SYNOPSIS: Just in time for Halloween, it’s “The Witching Hour,” a five-part weekly event that will rewrite the future of DC’s magical heroes!

Hecate, the witch-goddess of magic, always knew a day would come when the monsters she stole her magic from would return. Now she must activate the Witchmarked, humans within whom she secreted vast stores of power. And the most powerful of the Witchmarked? Wonder Woman!

HE – CA – TE!  HE – CA – TE!

The Witchmother has arrived, and she’s here to take back what she left imprinted on Diana Prince many years ago…  It is a memory that has become lost in Wonder Woman’s mind…

Until now.

The last issue of Justice League Dark gave us a peek at a different side of Wonder Woman: a pale warrior exploding in white light, surging with uncontrollable power.  I was hoping we would get another glimpse of this side of her, and it turns out I didn’t have to wait very long.

“The Witching Hour” Part 1 brings us right into Wonder Woman’s struggle with this raw, newfound power.  Though she doesn’t know it yet, she’s been witchmarked by Hecate, the triune goddess of magic.  Diana spends the pages of this issue wisely trying to determine what, or perhaps who, is causing these unforeseen transformations, and this focused plot yields a compelling story.  Even though we love her as a character, it is refreshing to see Wonder Woman vulnerable, exposed, and afraid of what may burst forth from her at any moment.

Creator of Diana’s fearsome burden is the witch goddess Hecate, whose nearly omnipresent creepiness, lurking in shadows and reflections, adds an edge of increasing anxiety to the story.  Hecate has thrown Wonder Woman into a state of panic, and on top of that, we discover that she is also able to effortlessly manipulate the Justice League, which is no small feat.  She is a capable antagonist, and she certainly makes a more alluring villain than The Upside Down Man.

While the story largely revolves around Wonder Woman, the other characters get serviceable treatment: Swamp Thing and Professor Chimp have a humorous exchange about mulch, John Constantine witnesses the fiery annihilation of a coven of witches at the hand of Hecate, and Zatanna drives the story forward by assisting Wonder Woman in her quest to discover the source of the rune-like brand hidden beneath her tiara.  The only character that feels entirely underused is Kirk Langstrom, the Man-Bat.  He’s just sort of there.  I hope that Tynion has better plans for him in future issues.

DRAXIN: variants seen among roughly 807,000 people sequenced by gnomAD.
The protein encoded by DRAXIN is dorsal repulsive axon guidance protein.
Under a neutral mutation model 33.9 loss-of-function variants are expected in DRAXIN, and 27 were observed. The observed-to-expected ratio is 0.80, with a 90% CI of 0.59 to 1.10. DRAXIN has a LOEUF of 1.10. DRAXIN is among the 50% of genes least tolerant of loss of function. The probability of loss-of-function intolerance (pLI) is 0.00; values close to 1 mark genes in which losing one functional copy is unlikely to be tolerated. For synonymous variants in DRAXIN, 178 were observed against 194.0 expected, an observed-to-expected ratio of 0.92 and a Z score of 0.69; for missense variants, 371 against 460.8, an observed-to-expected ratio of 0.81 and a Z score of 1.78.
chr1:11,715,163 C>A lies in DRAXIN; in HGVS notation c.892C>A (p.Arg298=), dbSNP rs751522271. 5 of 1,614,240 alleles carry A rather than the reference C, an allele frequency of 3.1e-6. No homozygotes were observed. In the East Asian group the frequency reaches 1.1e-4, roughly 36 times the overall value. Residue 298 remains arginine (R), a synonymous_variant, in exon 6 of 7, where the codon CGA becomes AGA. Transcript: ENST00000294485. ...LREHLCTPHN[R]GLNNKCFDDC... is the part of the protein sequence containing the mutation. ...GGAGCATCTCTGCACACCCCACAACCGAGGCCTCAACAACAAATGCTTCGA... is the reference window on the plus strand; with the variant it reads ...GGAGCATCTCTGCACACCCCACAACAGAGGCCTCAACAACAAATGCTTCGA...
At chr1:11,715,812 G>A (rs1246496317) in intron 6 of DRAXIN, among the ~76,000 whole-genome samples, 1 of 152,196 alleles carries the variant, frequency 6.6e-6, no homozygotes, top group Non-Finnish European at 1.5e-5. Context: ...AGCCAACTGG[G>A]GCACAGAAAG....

All in all, the major character beats make up for Man-Bat’s general misuse.  As I mentioned in my review of Justice League Dark #3 from last week, I love the backstory we are getting of Diana and Zatanna.  In this issue, we finally get to revisit what happened the night young Diana stumbled across a secret meeting of the Witch Women, and what they did to her under the full Themysciran moon.

Art by Jesus Merino and colors by Romulo Fajardo Jr. are excellent throughout, but I’ve gotten used to the strong, moody pencils and dynamic layouts of Alvaro Martínez Bueno and the muted yet gorgeous colors of Brad Anderson.  I await their return in Justice League Dark #4.

That being said, let me take a minute to give high praise to Merino and Farjado for the cover art on this issue, which is truly awesome.  They capture the wild, untamed nature of a fully-possessed Wonder Woman erupting in a display of electrifying power.  And if that cover wasn’t good enough, the variant cover by Riccardo Federici is even better: Wonder Woman, shown as a ghoulish witch, lends us a malicious smile, looking positively evil.  I said it in my last review, and I’ll say it again… I really dig this look.

Overall, this is a good series so far, but it lacks greatness.  Each installment has been worth your time, but I’m looking for Tynion and Co. to dig deep and give us something that will make us gasp, make us salivate, make us sleep with the nightlight on and the bedroom door cracked a bit…

All the pieces of greatness are here; I hope we get it in the coming months. – John Funderburg